In early July, U.S.-based MegaBots, which is developing a giant fighting robot, challenged Suidobashi Heavy Industry, a Japanese robotics company founded by artist Kogoro Kurata, to a fight. Kurata accepted, and the fight is scheduled for sometime in 2016, location TBD.
MegaBots, Inc., wants to use cutting-edge robotics technology to create the giant piloted fighting robots of science fiction. Naturally, it then wants those robots to throw down, ideally in some kind of organized international fight league.
The company tried to raise close to two million dollars through Kickstarter last year to build two giant fighting robots, reports Business Insider. The idea was that a fight would generate enthusiasm for a new sport, which would prompt further development. When that campaign failed, MegaBots decided to go ahead and make one of their robots and then find a competitor.
The MegaBots Mark II is a 15-foot-tall, internally piloted humanoid that's equipped to fire "cannonball-sized paintballs" at other bots "at speeds of over 120 miles per hour," according to the company. The MegaBots are designed to fall apart as they take blows. "As the robots battle, armor panels crack and break off, smoke and sparks pour out of the robots, limbs eventually fall off, and robots fall to the ground until only one is left standing," explains the company's website.
Upping the ante -- and the cool factor -- is the fact that the Mark II is piloted by two people who sit in a caged space inside the 12,000-pound bot's chest. Have I mentioned: IT'S HAPPENING!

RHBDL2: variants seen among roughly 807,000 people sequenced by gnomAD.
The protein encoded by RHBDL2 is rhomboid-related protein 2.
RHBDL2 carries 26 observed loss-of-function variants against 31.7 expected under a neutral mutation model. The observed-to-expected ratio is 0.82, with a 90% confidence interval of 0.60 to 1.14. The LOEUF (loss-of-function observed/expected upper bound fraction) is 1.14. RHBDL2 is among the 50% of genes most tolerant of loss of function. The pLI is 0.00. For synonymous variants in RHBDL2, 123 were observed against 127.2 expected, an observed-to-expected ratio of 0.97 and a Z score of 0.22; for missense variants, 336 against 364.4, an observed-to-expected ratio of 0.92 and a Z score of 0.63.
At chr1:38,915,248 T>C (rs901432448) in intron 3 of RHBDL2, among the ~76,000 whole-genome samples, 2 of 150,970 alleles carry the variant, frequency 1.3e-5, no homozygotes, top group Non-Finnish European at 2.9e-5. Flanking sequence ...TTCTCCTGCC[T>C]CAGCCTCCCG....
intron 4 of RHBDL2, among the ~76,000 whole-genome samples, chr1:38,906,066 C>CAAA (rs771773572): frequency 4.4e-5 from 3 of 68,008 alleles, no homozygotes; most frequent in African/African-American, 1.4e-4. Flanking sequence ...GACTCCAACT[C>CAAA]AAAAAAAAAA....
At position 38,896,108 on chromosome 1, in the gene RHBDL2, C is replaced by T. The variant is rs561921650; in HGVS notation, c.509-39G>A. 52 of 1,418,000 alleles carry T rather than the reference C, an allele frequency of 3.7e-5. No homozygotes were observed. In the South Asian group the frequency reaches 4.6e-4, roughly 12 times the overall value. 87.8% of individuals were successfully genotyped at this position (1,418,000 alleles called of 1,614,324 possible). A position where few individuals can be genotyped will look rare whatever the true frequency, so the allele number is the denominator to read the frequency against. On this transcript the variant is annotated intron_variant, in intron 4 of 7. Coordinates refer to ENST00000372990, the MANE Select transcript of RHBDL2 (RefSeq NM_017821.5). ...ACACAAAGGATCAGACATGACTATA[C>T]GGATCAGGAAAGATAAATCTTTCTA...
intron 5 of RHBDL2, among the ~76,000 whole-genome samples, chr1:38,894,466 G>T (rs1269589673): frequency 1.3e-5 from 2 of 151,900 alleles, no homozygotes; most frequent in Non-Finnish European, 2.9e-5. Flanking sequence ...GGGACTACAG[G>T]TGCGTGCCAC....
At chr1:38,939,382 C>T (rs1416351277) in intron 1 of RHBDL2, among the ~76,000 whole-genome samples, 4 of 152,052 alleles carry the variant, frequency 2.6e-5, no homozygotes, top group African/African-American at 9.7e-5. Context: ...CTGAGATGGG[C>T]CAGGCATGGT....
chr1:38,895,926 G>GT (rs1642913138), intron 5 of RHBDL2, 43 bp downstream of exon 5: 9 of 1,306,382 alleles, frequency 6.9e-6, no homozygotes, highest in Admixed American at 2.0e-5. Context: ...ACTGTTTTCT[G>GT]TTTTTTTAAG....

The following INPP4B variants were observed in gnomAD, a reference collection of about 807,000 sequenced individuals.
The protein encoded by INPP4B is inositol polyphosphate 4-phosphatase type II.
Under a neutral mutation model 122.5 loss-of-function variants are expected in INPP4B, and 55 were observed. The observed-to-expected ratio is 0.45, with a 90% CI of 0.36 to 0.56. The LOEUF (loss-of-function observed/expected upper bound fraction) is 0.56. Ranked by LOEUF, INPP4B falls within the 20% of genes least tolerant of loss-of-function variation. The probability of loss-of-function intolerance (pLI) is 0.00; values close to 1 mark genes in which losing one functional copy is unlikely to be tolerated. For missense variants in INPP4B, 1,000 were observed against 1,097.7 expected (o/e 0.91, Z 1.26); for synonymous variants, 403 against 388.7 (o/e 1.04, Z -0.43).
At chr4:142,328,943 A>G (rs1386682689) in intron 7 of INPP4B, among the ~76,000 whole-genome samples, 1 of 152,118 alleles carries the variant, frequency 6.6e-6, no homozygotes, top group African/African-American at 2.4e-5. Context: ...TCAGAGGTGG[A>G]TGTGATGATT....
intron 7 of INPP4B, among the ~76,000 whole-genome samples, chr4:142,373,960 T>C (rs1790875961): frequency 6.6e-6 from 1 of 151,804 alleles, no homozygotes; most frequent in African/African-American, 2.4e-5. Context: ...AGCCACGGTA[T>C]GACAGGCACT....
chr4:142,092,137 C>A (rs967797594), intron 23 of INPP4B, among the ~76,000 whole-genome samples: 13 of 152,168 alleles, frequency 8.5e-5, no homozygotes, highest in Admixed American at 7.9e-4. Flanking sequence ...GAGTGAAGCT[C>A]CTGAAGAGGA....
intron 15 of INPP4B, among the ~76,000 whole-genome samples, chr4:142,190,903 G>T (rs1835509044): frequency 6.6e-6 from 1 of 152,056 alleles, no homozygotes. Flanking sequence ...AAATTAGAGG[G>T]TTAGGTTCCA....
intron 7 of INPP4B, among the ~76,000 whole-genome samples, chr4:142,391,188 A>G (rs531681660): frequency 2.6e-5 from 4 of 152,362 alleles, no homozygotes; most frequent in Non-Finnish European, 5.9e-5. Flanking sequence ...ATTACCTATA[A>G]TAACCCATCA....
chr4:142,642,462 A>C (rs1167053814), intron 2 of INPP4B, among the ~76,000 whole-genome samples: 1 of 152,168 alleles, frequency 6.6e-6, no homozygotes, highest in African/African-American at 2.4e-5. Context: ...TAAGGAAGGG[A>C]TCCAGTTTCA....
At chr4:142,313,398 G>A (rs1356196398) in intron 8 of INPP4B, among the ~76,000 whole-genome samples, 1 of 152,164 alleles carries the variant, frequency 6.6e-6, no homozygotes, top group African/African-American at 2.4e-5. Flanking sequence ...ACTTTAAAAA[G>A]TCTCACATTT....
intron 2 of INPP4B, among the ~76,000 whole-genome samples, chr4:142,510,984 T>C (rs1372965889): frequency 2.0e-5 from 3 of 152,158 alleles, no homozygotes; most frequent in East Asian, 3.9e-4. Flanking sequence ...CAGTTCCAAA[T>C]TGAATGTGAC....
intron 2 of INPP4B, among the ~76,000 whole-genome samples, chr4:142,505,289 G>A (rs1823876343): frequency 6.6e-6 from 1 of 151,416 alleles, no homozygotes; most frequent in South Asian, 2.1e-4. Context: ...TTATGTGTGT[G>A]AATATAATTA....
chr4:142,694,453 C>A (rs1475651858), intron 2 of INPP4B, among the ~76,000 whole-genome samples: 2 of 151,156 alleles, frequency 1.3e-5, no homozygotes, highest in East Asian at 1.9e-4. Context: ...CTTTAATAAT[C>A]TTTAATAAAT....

Suidobashi Heavy Industry promises to put up a tough fight. Since 2012, the Japanese organization has been refining Kuratas, a 13-foot tall, 8,000 pound human ride robot named after the organization's founder and inspired by Mecha, a sci fi genre centering around battling robots.
The challenge came in the form of a video issued by MegaBots, and it was accepted in a response video featuring Kogoro Kurata. Both videos hammed up the sense of national pride at stake.
If the challenge was a preplanned publicity stunt (ahem ...), the notion of two giant robots fighting points to a very interesting trend: As robotics becomes cheaper and as technical barriers to entry fall thanks to refined operating systems like ROS and design packages like AutoDesk, we're going to see a lot more robot-based competition in popular culture. Drone racing is one recent example, and giant fighting robots may be just around the corner.